By Judy Layzer, MIT Political Scientist, and Herman Karl, USGS Earth Scientist

  • Why have science and scientiests had so little impact on U.S. climate-change policy?
  • Hear about the present implications of past societal collapses resulting from climate change
  • Can
May 26, 2005

PubTalk — Sonoran Desert

Fragile Land of Extremes
A video presentation and discussion

Research Ecologists Cecil Schwalbe and Todd Esque will introduce the 2003 USGS video Sonoran Desert: Fragile Land of Extremes, present an update on recent research, and answer your questions. 

  • Learn about the fantastic biodiversity in North America's
April 28, 2005

PubTalk — Earthquakes at the USGS

Blowing the Lid off Seismic Science for 40 Years

Ross Stein, representing the USGS Earthquake Hazards Team 

The Parkfield earthquake of 1966 launched a torrent of research at the USGS in Menlo Park. With the San Andreas Fault as a backyard lab and global earthquakes as a guide, the USGS has changed the landscape of earthquake science

Photograph shows eroding cliff in Isla Vista, California, with parts of houses hanging over edge.
April 28, 2005

Homes along the edge of the coast in Isla Vista, California

Homes along the edge of the coast in Isla Vista, California, Santa Barbara County, face a short lifespan because of eroding bluffs that support them.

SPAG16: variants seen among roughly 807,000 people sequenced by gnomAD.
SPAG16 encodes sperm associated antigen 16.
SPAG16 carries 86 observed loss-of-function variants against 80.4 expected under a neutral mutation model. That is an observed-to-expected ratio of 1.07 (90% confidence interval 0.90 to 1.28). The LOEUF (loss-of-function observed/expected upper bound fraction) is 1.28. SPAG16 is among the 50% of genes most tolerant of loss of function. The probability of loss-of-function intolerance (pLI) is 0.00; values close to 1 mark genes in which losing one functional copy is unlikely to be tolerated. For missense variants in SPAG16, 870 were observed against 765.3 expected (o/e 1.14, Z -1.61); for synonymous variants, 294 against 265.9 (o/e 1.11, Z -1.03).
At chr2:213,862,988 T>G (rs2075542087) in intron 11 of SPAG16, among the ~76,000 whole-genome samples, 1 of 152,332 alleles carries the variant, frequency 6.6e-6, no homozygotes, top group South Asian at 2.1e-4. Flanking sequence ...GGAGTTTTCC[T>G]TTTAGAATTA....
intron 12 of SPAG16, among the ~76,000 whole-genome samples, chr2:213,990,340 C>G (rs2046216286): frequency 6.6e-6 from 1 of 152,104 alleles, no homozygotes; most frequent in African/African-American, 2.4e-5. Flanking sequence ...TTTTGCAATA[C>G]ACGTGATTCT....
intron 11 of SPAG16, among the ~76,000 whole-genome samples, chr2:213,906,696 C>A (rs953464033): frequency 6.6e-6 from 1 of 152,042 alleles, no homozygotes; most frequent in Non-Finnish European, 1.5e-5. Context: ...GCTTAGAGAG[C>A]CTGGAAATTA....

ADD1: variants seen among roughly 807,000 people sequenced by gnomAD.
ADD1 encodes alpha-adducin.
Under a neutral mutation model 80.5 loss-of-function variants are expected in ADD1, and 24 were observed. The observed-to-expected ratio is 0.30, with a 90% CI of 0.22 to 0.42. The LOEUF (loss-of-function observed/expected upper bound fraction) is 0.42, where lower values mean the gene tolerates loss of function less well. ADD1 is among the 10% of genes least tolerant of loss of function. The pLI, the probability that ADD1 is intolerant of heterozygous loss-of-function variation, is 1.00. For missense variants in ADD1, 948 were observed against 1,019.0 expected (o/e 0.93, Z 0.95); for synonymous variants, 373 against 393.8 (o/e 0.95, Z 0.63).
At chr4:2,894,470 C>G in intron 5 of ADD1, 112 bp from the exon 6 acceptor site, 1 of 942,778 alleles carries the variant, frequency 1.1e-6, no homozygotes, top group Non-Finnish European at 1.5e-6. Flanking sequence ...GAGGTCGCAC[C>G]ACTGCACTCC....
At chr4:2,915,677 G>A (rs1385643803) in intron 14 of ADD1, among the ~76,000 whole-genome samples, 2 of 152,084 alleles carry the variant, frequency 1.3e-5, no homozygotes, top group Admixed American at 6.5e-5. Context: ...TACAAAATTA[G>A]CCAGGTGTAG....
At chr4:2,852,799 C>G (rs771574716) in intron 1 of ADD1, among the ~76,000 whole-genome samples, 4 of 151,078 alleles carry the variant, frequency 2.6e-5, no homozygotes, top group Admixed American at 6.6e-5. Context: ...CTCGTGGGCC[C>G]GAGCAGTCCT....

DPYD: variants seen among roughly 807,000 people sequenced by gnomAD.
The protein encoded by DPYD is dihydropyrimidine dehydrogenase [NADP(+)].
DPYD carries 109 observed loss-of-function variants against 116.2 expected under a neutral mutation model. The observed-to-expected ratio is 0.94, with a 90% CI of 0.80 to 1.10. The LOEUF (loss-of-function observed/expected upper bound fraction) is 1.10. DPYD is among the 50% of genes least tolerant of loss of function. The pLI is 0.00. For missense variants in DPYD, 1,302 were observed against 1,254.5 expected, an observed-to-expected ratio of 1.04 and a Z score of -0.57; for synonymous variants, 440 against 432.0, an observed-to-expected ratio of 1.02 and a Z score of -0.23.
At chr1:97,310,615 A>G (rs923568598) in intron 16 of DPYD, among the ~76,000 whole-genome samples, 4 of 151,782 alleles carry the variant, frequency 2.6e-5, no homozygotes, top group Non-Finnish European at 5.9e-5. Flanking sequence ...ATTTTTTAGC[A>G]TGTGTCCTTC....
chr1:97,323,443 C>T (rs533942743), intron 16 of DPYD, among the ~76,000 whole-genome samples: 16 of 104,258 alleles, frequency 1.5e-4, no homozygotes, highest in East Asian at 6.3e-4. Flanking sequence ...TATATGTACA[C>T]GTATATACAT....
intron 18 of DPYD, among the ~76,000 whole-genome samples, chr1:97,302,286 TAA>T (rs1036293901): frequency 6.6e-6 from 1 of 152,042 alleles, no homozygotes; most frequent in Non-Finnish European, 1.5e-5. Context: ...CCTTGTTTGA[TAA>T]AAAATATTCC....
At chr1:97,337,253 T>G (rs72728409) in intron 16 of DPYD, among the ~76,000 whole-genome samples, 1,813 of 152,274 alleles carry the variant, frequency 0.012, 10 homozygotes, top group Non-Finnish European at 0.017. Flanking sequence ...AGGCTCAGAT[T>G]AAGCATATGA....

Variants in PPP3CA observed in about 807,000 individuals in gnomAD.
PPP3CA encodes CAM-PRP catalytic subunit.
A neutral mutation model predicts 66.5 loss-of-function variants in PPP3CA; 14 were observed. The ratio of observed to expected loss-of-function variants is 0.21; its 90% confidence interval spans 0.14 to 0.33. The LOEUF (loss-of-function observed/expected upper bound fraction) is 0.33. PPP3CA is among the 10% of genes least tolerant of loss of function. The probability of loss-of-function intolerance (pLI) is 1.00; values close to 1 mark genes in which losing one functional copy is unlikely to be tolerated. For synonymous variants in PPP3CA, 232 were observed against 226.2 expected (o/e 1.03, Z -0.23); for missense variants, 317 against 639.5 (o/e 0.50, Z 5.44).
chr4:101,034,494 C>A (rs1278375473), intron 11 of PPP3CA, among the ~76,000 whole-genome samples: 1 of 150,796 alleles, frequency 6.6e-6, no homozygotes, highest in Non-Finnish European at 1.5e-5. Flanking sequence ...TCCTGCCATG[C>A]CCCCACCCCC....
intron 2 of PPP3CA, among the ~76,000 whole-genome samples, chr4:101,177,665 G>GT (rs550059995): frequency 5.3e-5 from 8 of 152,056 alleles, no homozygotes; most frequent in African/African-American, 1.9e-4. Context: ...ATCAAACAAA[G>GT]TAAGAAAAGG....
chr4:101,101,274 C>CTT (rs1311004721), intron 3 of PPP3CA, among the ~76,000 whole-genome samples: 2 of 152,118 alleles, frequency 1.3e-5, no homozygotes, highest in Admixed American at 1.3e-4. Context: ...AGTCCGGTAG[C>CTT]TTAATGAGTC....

March 31, 2005

PubTalk — Commotions in the Oceans

USGS Shipboard Research Sparked Scientific Advances

By William R. Normark, and
David W. Scholl, Marine Geologists

  • Alaskan work from the Survey's M/V Eider in the 1950's led to visualizing how great earthquakes and tsunamis originate along trenches
  • In the 1970's, researchers discovered deep-sea "black
February 24, 2005

PubTalk — When Rocks Fall and the Land Slides

Hear why California makes an ideal environment for landslides North face

By Gerald F. Wieczorek, Geological Engineer, and
Raymond C. Wilson, Landslide Geologist

  • Hear why California makes an ideal environment for landslides North face